This Instructable will walk you through the process of designing and building a BBQ themed restaurant with a VERY small budget. We relied on our own ingenuity, our scrounging ability and our creativity to make a restaurant that looked like we had spent a fortune, when in fact we did not. The secondary goal of this project was to keep as much out of landfill as possible, as construction is one of the leading producers of landfill waste, we re-used, re-purposed, recycled and bartered our way through this project.
Pallet Projects on WebUrbanist
Pallets have become all the rage as eco-friendliness, and DIY crafting are becoming the spearhead of a new movement that utilizes pallets as the building blocks for creative weekend projects.
Recycle pallet wood into turned artthis instructable is about how to take a chunk of pallet wood and turn it into a bowl/vessel on a lathe. this is not a “how to turn” instructable; there are lots of those out there as well as plenty on how to build your own lathe if you dont have one. this is simply one way i like to re-use pallet wood for artsy-fartsy projects. enjoy!
To build the tree, I sourced scrap wood from old pallets and cut them from large to small—you can cut the wood any size you’d like. I then sanded wood and covered it with a matte sealer. The beauty of this project is that you can make the tree as straight and clean or as wonky as rough as you’d like. After the tree was built, I wrapped up small prizes and treats and made activity cards to hang from push pins.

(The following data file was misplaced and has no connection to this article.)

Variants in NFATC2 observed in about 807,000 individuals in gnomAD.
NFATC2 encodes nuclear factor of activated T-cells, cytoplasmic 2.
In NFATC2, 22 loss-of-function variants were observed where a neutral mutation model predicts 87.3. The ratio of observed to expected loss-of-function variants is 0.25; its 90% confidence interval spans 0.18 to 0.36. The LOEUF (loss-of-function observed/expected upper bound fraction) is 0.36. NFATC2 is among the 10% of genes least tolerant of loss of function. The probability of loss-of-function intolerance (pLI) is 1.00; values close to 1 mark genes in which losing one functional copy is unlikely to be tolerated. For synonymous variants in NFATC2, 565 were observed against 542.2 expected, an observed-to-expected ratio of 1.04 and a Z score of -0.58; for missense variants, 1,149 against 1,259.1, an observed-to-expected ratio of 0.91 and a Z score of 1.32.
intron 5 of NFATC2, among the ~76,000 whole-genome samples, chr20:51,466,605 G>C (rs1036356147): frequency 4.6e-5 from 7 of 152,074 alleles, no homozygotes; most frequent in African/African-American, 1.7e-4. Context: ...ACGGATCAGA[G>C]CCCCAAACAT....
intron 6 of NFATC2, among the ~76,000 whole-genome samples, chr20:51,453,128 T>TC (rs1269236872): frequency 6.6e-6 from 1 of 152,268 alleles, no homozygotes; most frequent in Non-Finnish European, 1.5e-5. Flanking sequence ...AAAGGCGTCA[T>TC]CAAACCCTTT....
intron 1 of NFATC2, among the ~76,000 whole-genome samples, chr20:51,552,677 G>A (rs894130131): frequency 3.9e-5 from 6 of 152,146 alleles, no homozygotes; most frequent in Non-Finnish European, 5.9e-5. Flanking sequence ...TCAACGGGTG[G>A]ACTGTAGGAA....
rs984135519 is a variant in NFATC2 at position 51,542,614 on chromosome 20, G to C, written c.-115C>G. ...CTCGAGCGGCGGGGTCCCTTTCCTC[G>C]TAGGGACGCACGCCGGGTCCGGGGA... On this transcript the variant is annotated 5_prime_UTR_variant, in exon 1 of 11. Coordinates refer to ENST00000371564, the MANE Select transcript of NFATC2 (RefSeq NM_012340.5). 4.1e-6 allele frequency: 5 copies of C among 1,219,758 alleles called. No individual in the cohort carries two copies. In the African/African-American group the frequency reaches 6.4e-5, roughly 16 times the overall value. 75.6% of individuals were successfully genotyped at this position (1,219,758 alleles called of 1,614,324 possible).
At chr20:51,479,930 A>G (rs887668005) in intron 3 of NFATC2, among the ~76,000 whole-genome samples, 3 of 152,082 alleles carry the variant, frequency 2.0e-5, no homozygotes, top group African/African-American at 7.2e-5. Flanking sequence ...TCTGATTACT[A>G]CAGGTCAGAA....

I live in the UK, and own a small business designing and building: Cargo Carrying Bicycles, Bike Trailers, Pedal Powered Utility Trucks & Vans, Pedal Racing Cars and Human Powered Vehicles, lightweight Pony Carrigages and Carts, Pallet Reclamation bars, cooking fire tripods and fire hearths, along with bespoke steel fabrications and replica historical bits & bobs from steel.
Bonus video – pallet deconstructor bar!
Shipping pallets have become a bit more popular with the quest for sustainable elements and materials in one’s home. With the popularity of green design and with so many creative prototypes floating around out there, there are some great DIY opportunities for things that can be found locally, often for free– like pallets.
We’ve rounded up 20 great inventive uses of the bland old wooden pallet and put them together for your inspiration.
These projects range anywhere from merely stacking the unused pallets to making a base for a bed, sofa, or coffee table to the pallet-built barn or home. No matter the size of your own project, these gorgeous pallet installations are sure to help you drum up a little creativity of your own.
See the entire list via 20 Inventive Ways to Upcycle Shipping Pallets by Ian Rebello | Bob Vila Nation.
Another pallet project! We can’t help ourselves. We think modern is reusing materials you already have to make new, awesome things, and shipping pallets are something this earth has in abundance. And, if you play your cards right (i.e. drive around until you find some) they are usually free to you! Using some foam, fabric and paint, some folks transformed six shipping pallets into a pretty luxurious corner couch. And, we love that the pallets become storage for board games and books! You’ll definitely need some sewing and painting skills for this project, and we regret the link we have is more inspiration than instruction. Still cool, though!